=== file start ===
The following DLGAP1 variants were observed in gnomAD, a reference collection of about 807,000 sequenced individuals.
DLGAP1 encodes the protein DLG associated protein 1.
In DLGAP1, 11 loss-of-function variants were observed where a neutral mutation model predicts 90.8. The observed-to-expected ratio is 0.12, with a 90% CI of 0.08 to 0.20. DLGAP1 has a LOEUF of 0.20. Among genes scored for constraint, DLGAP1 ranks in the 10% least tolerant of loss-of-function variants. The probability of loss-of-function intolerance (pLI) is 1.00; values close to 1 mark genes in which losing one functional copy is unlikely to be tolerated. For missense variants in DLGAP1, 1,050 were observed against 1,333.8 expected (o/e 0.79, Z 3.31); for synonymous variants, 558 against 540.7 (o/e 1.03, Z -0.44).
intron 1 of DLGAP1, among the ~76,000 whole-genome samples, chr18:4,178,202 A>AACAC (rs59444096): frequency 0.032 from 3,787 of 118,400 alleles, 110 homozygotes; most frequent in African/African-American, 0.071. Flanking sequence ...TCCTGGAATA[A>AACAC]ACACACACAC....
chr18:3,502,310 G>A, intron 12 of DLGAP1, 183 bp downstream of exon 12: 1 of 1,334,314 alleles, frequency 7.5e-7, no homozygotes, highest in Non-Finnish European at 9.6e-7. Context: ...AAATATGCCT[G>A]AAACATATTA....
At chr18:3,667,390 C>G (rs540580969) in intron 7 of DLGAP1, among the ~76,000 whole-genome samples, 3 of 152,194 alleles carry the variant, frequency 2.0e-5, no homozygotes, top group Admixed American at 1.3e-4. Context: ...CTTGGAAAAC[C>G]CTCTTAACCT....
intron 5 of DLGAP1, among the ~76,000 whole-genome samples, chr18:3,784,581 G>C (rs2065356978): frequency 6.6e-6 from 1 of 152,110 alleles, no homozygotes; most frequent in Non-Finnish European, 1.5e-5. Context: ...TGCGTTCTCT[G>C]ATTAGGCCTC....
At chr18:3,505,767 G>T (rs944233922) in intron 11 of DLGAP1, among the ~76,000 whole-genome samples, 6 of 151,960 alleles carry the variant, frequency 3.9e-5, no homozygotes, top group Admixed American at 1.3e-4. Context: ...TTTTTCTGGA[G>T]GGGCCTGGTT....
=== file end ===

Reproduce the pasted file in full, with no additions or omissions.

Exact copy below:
The following DLGAP1 variants were observed in gnomAD, a reference collection of about 807,000 sequenced individuals.
DLGAP1 encodes the protein DLG associated protein 1.
In DLGAP1, 11 loss-of-function variants were observed where a neutral mutation model predicts 90.8. The observed-to-expected ratio is 0.12, with a 90% CI of 0.08 to 0.20. DLGAP1 has a LOEUF of 0.20. Among genes scored for constraint, DLGAP1 ranks in the 10% least tolerant of loss-of-function variants. The probability of loss-of-function intolerance (pLI) is 1.00; values close to 1 mark genes in which losing one functional copy is unlikely to be tolerated. For missense variants in DLGAP1, 1,050 were observed against 1,333.8 expected (o/e 0.79, Z 3.31); for synonymous variants, 558 against 540.7 (o/e 1.03, Z -0.44).
intron 1 of DLGAP1, among the ~76,000 whole-genome samples, chr18:4,178,202 A>AACAC (rs59444096): frequency 0.032 from 3,787 of 118,400 alleles, 110 homozygotes; most frequent in African/African-American, 0.071. Flanking sequence ...TCCTGGAATA[A>AACAC]ACACACACAC....
chr18:3,502,310 G>A, intron 12 of DLGAP1, 183 bp downstream of exon 12: 1 of 1,334,314 alleles, frequency 7.5e-7, no homozygotes, highest in Non-Finnish European at 9.6e-7. Context: ...AAATATGCCT[G>A]AAACATATTA....
At chr18:3,667,390 C>G (rs540580969) in intron 7 of DLGAP1, among the ~76,000 whole-genome samples, 3 of 152,194 alleles carry the variant, frequency 2.0e-5, no homozygotes, top group Admixed American at 1.3e-4. Context: ...CTTGGAAAAC[C>G]CTCTTAACCT....
intron 5 of DLGAP1, among the ~76,000 whole-genome samples, chr18:3,784,581 G>C (rs2065356978): frequency 6.6e-6 from 1 of 152,110 alleles, no homozygotes; most frequent in Non-Finnish European, 1.5e-5. Context: ...TGCGTTCTCT[G>C]ATTAGGCCTC....
At chr18:3,505,767 G>T (rs944233922) in intron 11 of DLGAP1, among the ~76,000 whole-genome samples, 6 of 151,960 alleles carry the variant, frequency 3.9e-5, no homozygotes, top group Admixed American at 1.3e-4. Context: ...TTTTTCTGGA[G>T]GGGCCTGGTT....